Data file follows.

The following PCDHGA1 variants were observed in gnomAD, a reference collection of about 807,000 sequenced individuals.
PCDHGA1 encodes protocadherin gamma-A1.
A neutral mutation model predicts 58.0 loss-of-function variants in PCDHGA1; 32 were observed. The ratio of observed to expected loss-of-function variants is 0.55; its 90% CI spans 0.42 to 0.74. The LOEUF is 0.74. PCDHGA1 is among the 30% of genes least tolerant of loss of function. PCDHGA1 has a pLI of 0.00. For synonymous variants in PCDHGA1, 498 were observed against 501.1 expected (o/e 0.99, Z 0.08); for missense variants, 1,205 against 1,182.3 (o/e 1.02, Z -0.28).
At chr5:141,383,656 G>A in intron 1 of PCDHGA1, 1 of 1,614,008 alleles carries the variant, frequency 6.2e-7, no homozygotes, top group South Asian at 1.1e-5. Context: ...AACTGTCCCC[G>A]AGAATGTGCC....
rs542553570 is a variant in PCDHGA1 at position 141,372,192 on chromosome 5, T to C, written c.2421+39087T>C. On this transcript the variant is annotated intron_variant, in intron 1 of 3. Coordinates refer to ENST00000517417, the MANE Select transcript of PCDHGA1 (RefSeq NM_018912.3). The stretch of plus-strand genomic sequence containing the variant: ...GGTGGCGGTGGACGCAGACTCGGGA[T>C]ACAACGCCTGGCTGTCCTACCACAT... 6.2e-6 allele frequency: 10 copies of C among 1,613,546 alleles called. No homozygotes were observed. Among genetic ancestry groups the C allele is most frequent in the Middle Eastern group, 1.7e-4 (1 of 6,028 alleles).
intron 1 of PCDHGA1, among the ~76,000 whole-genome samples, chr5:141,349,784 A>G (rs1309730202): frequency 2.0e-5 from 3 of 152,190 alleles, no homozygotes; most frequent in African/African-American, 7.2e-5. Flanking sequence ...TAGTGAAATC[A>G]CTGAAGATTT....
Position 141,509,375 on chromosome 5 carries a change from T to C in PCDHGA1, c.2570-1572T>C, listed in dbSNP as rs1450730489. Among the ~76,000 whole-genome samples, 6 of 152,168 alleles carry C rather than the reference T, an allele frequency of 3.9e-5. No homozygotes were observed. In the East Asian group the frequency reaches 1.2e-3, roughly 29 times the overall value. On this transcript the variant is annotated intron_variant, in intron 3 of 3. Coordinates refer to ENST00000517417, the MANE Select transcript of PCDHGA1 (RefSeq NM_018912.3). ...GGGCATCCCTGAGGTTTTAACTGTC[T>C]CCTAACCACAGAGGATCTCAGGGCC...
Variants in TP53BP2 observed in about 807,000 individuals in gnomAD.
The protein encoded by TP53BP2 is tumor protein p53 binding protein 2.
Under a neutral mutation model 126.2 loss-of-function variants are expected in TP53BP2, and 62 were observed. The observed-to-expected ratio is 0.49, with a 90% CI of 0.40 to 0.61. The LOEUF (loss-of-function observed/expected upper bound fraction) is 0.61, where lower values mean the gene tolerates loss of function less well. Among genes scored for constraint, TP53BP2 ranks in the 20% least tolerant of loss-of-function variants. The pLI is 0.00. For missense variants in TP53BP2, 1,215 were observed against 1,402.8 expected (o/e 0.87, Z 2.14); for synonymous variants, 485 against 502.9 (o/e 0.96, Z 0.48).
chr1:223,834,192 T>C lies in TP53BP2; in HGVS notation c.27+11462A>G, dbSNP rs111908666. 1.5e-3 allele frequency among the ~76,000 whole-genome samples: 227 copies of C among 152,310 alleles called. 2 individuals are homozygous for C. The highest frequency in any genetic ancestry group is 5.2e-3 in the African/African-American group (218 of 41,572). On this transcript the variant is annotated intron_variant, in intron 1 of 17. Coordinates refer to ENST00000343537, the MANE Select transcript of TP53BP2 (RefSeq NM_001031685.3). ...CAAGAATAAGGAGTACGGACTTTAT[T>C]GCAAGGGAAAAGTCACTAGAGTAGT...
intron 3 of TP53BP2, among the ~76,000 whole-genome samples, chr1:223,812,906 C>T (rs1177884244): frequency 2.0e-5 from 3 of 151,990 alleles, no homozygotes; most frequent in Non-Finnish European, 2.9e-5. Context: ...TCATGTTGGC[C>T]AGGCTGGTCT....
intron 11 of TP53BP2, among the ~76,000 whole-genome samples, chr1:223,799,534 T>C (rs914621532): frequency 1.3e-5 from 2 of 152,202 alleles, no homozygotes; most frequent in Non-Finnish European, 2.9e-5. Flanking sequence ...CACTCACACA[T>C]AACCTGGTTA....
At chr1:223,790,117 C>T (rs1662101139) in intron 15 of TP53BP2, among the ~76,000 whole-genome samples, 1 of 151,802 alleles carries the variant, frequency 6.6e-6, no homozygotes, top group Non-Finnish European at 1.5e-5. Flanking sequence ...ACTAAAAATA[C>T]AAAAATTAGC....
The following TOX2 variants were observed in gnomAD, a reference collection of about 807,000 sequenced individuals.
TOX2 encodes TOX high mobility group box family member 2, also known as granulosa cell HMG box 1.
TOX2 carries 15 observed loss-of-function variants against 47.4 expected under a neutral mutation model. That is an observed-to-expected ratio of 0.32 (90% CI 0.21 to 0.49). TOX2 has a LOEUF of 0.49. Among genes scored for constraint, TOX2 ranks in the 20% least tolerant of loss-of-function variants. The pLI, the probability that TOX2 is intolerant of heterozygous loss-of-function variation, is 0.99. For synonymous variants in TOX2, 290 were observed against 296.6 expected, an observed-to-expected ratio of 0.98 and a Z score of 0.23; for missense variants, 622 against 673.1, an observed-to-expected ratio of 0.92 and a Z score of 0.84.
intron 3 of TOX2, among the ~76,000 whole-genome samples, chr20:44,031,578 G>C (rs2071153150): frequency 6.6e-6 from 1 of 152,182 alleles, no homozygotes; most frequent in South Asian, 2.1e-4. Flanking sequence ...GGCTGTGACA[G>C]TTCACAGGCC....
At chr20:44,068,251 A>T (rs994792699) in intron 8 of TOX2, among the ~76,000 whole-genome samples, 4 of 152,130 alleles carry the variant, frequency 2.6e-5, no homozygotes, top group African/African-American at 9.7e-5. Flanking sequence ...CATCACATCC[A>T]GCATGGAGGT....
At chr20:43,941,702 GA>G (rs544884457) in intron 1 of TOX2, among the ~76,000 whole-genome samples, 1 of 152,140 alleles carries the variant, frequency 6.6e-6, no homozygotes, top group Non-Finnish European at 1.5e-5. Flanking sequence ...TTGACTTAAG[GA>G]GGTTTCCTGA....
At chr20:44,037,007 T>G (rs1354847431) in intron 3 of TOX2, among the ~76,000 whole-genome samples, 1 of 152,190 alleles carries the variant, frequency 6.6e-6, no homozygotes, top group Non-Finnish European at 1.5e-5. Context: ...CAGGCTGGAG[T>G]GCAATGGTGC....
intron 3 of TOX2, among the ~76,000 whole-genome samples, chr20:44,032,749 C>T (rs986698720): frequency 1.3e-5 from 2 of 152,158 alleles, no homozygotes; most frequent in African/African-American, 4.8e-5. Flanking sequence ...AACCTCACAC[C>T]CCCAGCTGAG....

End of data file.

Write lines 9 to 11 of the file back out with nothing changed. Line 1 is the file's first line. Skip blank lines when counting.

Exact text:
The protein encoded by TP53BP2 is tumor protein p53 binding protein 2.
Under a neutral mutation model 126.2 loss-of-function variants are expected in TP53BP2, and 62 were observed. The observed-to-expected ratio is 0.49, with a 90% CI of 0.40 to 0.61. The LOEUF (loss-of-function observed/expected upper bound fraction) is 0.61, where lower values mean the gene tolerates loss of function less well. Among genes scored for constraint, TP53BP2 ranks in the 20% least tolerant of loss-of-function variants. The pLI is 0.00. For missense variants in TP53BP2, 1,215 were observed against 1,402.8 expected (o/e 0.87, Z 2.14); for synonymous variants, 485 against 502.9 (o/e 0.96, Z 0.48).
chr1:223,834,192 T>C lies in TP53BP2; in HGVS notation c.27+11462A>G, dbSNP rs111908666. 1.5e-3 allele frequency among the ~76,000 whole-genome samples: 227 copies of C among 152,310 alleles called. 2 individuals are homozygous for C. The highest frequency in any genetic ancestry group is 5.2e-3 in the African/African-American group (218 of 41,572). On this transcript the variant is annotated intron_variant, in intron 1 of 17. Coordinates refer to ENST00000343537, the MANE Select transcript of TP53BP2 (RefSeq NM_001031685.3). ...CAAGAATAAGGAGTACGGACTTTAT[T>C]GCAAGGGAAAAGTCACTAGAGTAGT...